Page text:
We at WTT bang on about the value of trees and wood in creating habitat in rivers; here’s proof indeed. The camera never lies. 

New guest blog on free radicals and trout migration

Posted on January 05, 2018

New guest blog on free radicals and trout migration

Yes, you read it correctly! Should I stay or should I go? is a fascinating new blog contribution from another early career researcher discussing how trout physiology may determine its ability to cope with migration.

If you take the occasional whirl around the Twittersphere and you like seeing the odd pic of brown trout, then you must surely follow Kim Birnie-Gauvin. Kim is currently a PhD student in the Section for Freshwater Fisheries and Ecology at DTU Aqua (Denmark), but completed her undergraduate degree in Animal Physiology at the University of Ottawa (Canada), and her M.Sc. in Biology at Carleton University (Canada). Her work has focused around brown trout migration. More specifically, she investigates the physiology of migration, and how fish respond to induced stressors, hence the title of her blog. Check it out, here.

The good work continues on the Lark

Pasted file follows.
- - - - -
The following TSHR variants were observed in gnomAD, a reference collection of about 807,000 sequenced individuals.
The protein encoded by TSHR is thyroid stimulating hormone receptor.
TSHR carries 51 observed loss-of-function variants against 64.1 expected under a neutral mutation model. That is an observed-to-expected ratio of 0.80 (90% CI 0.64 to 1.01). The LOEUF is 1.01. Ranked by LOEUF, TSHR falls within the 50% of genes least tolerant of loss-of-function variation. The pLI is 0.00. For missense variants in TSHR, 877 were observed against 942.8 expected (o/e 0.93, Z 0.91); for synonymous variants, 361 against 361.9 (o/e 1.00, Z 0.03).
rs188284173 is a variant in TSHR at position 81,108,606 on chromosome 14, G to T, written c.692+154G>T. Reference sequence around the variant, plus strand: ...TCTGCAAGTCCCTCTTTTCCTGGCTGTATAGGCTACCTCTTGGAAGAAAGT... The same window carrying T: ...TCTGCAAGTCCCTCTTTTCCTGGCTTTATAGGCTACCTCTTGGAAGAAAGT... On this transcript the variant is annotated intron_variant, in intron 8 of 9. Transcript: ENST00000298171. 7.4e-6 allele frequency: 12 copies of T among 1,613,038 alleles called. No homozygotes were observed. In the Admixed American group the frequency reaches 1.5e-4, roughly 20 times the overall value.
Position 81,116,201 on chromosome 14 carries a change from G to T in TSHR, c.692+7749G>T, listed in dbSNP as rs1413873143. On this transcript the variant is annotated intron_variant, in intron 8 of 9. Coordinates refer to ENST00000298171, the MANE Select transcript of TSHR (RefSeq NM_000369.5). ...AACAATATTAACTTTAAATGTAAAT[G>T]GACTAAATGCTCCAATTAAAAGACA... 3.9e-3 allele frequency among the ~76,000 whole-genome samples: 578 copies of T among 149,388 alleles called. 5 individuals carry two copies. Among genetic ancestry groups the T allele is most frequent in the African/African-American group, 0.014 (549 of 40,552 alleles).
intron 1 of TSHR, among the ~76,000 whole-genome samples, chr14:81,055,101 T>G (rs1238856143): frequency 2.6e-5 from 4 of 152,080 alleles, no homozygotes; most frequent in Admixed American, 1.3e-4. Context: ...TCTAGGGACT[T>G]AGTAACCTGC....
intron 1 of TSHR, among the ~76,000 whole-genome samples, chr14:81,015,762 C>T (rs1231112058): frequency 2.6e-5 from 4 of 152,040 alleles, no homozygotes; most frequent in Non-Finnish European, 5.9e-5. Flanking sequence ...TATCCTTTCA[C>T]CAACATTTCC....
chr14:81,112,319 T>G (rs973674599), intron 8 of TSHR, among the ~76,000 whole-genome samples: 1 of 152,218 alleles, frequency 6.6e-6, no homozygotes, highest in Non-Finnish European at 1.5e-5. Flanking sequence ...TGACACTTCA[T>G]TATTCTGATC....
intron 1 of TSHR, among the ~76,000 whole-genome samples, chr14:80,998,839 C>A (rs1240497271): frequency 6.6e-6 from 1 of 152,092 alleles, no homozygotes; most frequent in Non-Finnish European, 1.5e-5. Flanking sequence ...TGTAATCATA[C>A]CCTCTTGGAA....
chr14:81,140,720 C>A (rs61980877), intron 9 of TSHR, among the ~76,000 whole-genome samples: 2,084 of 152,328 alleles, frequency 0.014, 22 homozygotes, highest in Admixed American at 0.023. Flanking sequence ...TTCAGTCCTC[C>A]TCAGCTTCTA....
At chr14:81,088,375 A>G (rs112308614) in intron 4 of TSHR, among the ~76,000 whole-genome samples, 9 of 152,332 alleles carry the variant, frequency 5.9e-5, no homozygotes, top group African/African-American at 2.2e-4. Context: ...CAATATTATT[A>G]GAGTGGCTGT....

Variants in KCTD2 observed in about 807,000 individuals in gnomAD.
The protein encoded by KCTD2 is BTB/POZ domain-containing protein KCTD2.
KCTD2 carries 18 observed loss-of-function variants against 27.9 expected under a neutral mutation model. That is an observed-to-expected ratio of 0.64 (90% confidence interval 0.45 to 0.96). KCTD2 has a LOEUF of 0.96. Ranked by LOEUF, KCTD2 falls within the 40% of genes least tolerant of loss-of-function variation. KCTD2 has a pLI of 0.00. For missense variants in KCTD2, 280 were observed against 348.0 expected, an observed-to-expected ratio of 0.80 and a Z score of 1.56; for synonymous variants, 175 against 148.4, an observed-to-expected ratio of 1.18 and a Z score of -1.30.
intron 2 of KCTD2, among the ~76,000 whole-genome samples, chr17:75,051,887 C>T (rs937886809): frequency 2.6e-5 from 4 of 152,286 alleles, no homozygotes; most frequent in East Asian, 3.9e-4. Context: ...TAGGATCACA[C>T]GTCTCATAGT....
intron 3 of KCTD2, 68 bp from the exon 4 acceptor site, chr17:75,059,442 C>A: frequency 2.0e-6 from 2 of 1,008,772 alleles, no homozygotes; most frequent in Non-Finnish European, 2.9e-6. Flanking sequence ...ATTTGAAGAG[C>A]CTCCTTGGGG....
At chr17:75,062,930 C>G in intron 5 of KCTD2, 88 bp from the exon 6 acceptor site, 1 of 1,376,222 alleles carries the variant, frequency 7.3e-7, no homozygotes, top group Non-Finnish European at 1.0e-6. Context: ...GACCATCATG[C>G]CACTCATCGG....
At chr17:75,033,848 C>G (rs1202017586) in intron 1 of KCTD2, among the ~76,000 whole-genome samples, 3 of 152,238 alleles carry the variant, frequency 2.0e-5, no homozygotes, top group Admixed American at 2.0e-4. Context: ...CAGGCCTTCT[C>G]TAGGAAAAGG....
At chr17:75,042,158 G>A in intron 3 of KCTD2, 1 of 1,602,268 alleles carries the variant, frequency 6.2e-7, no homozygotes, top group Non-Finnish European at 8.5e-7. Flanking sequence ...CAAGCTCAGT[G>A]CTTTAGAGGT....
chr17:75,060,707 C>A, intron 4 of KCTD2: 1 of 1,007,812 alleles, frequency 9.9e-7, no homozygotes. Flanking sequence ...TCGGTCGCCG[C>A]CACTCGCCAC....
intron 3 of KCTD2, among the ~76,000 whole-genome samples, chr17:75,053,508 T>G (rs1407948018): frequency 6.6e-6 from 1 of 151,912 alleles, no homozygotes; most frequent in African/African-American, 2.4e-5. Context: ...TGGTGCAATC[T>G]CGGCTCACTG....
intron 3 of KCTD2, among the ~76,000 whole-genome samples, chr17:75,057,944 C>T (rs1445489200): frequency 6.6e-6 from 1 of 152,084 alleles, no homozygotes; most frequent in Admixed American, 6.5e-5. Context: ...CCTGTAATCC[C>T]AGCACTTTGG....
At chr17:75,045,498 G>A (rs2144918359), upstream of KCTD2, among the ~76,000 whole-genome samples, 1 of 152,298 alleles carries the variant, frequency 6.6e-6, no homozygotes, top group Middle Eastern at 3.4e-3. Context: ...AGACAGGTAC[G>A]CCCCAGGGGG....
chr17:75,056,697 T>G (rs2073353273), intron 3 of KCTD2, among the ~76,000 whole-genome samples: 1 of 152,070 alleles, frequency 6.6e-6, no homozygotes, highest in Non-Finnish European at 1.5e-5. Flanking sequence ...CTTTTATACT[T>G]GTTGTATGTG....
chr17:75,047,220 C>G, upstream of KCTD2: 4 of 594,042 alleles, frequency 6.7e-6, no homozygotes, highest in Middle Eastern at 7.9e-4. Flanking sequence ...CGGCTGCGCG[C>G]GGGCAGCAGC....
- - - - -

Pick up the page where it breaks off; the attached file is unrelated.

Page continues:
Posted on December 18, 2017

Working with local groups, whether they are angling clubs or conservation volunteers, is a critical part of our work. Building skills and enthusiasm in volunteers to improve river habitat means the work carries on long after we have moved to the next project.

Slowly but surely we are improving the River Lark in Suffolk so that it supports more trout and more wildlife generally. Some of our projects on the Lark have been large scale and professional, involving WTT Conservation Officers Andy Thomas or Rob Mungovan directing large machines and just a few volunteers (see 'The Lark Sings')

The most recent project was very much volunteer led-see video below with Rob Mungovan.And read the article in the local press here.

Cost of Permits for Habitat Work Set to Rocket?